MIT several years ago developed a fast charging battery, but after some use, the speed declined greatly - there was a buildup that prevented ion flow. The problem with batteries is that they are both slow to charge and exorbitantly expensive for applications such as cars (Tesla's battery pack reportedly costs over $40K). Nor will Tesla's Model S vehicle ever travel 300 miles on a single charge if the mileage is on an Interstate, any Interstate. Their own graphs show their Model S traveling but 240 miles even under the most ideal conditions at 70 mph (the most common Interstate speed, next to 75 mph Interstates). Turn on the A/C and the range drops to 217 miles. Add hilly terrain, cold temperatures and a car with more than two passengers (or rainy conditions) and the car won't come close to traveling 200 miles. And that is with a new battery. The mileage drops significantly after but a few years continues until the battery dies of old age. There is an enormous amount of ignorance out there about the characteristics of batteries. Buyer beware. Electric car makers will never mention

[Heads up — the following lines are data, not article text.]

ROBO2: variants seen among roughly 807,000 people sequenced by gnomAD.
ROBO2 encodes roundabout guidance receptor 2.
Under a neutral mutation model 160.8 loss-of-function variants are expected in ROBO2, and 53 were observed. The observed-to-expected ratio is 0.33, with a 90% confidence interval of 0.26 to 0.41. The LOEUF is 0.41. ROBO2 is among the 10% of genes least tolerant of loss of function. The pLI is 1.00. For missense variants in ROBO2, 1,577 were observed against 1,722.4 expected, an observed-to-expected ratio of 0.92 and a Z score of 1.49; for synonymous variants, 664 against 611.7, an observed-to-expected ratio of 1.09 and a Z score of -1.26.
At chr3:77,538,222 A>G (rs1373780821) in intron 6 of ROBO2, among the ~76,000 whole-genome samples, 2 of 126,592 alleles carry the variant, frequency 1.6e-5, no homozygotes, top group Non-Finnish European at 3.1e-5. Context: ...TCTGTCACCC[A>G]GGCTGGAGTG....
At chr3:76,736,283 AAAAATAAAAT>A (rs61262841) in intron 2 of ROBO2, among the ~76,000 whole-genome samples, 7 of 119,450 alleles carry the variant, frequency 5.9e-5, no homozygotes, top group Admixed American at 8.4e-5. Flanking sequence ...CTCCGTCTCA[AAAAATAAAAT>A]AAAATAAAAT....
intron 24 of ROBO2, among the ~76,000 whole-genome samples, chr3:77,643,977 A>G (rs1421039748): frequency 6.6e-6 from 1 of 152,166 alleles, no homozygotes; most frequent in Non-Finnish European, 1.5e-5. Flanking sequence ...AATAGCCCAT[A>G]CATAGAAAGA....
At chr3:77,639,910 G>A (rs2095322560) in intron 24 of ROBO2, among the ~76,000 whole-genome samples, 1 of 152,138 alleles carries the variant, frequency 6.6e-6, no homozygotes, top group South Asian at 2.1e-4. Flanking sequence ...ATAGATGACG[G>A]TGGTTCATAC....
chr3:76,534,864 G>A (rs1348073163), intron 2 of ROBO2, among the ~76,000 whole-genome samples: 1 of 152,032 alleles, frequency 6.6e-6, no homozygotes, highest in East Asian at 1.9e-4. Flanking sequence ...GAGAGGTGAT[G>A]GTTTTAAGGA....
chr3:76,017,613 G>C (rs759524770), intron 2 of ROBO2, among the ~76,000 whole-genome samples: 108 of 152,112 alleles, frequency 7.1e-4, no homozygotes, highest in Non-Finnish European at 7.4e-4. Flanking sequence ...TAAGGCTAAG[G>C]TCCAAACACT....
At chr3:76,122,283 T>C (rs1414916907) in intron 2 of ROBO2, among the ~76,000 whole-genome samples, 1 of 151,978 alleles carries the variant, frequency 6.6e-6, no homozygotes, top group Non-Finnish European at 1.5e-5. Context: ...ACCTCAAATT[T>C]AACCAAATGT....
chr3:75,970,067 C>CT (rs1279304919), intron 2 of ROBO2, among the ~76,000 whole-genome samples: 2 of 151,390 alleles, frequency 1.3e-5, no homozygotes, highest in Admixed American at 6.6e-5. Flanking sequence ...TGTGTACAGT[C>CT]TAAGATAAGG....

any of these battery negatives, especially the cost of a new battery pack.Batteries still remain the obstacle to a practical electric car.

Paul Scott (not verified)    August 17, 2012 - 11:02PM

In reply to by Anonymous (not verified)

Anonymous makes some good points, but I think she's too hard on LiIon. There is good evidence batteries in cars can last a long time.

There has been a 10+ year "experiment" of sorts happening with the original RAV4 EVs sold in California in late 2002, early 2003. Some 300 people bought these SUVs and continue driving them today. The range and reliability of the vehicles has been vastly superior to its internal combustion sibling.